You look at River. His hands . . . wrist up . . . he has no hands. Nothing bloody as you’d expect from a man with severed wrists. Just empty space where the arms end.
But River’s unperturbed, his arms positioned as if he’s driving, even while nothing is touching the steering that’s moving itself, turning and leveling.
“Brought my shades?” he asks.
“Your hands,” you say.
“What about them?”
“Can’t you see?”
His glance is full of impatience.
You sink back to your seat, unable to understand it, unclear to tell him, as the driverless car races along in silence down the lone road.
Review: A little while ago, I read and reviewed The Invisible from the same publisher and was offered the chance to read this collection and jumped at it. As I do with all the short story collections I read, I will be discussing each story individually and then summing up my thoughts on the collection at the end of this review. The forward to this collection was written by Seb Doubinsky who wrote The Invisible which I loved, so I could wait to jump into these stories.
The Road to Woop Woop
This story obviously gives its name to the title and it was a strange, mind-bending story that took me a minute to grasp fully. It follows an unnamed protagonist and their relationship with the beautiful young man called River as they embark on a road trip, but the protagonist is questioning their connection and relationship with River. As the protagonist doubts River parts of him begin to disappear in quite gory fashion until only his eyes and a ghostly body remain. The story ends with the ghostly River embracing the protagonist as they realise, they feel a lot more and wondering whether River will return to his former self at the beginning of the story. The Road to Woop Woop started the collection off with a bang and I can’t wait to see what the rest has in store for me.
Swimming With Daddy
Swimming with Daddy actually made me tear up a little as it is about a girl reflecting on how her father taught her to swim, coached her even though he didn’t swim himself and nurtured the talent in her with stories. However, we soon learn that her father died and her mother joined him not long after and when her grief is at its strongest, she swims and her father is always there at her side, telling her stories and giving her advice when she needs it most.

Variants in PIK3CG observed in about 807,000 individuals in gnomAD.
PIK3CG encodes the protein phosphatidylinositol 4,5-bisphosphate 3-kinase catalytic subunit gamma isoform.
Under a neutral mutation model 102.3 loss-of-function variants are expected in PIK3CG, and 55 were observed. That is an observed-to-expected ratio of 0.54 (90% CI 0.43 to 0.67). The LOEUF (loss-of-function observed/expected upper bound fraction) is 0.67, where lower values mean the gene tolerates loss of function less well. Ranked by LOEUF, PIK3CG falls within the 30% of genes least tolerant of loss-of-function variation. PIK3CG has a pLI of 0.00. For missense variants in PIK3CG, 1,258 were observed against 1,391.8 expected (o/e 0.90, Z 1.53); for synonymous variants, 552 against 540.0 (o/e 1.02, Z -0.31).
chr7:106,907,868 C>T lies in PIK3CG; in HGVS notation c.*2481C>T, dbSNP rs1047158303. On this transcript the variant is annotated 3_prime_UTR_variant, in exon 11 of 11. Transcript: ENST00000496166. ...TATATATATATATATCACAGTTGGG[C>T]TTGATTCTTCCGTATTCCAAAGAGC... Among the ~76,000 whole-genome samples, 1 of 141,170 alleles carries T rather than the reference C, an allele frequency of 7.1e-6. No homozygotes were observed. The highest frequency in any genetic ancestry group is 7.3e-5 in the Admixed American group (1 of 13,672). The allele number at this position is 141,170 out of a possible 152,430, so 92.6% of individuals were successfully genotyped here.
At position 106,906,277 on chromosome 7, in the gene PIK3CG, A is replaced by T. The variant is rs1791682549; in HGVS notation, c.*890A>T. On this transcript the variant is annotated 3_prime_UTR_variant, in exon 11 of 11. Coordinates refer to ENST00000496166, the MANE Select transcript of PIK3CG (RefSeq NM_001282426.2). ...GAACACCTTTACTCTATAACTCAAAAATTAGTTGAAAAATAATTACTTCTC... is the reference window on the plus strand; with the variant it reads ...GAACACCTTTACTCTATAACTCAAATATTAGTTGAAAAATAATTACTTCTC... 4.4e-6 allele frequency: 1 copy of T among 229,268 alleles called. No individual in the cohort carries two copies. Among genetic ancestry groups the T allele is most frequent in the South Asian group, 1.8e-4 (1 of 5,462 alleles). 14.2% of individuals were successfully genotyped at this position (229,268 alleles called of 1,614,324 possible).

A Nursery Rhyme
A Nursey Rhyme was another dark story that I really enjoyed as it follows Venus, her father Mage and her daughter, Dee. In the wake of the death of Dee’s babysitter, Cora, Venus’ father has come to offer his support and help but he seems to have trouble connecting with his granddaughter and keeps his distance from her. We see that Dee herself is quite strange and doesn’t see the world the same way as other people and we begin questioning why. By the time Mage confesses that Venus was kidnapped by a cult as a young teenager and was gone for months until her father hired a being to rescue his daughter from Lawless to get her back and she eventually fell in love with Lawless’ brother Triton who didn’t have the gift his brother did. However, Dee isn’t Triton’s daughter, and her father knows that she isn’t human and refuses to see her as anything more than a thing. In the end, Lawless comes to Venus in her dreams and in the wake of that moment, Dee kills her grandfather the same way she has done with others, but Venus won’t abandon her child and vows to protect her. I really liked the paranormal/demonic elements of this story especially the relationship between Venus and Lawless as even when she learns what he really is it doesn’t change her feelings about him and their daughter.
The One Who Sees
The One Who Sees was a really interesting story that you really had to think about to understand. For me I saw it as life through the eyes of young boy who sees a lot more than his parents believe and he attributes animal forms to people in order to express their personalities. His father is an antelope, his mother a lion and he is a leopard. As he prepares to enter a boarding school in the city he reflects on the things he loves about home and the things he saw in a way that is creative, unique and yet heart-breaking when you realise that it is the imagination of a child trying to cope with the harsh realities of life.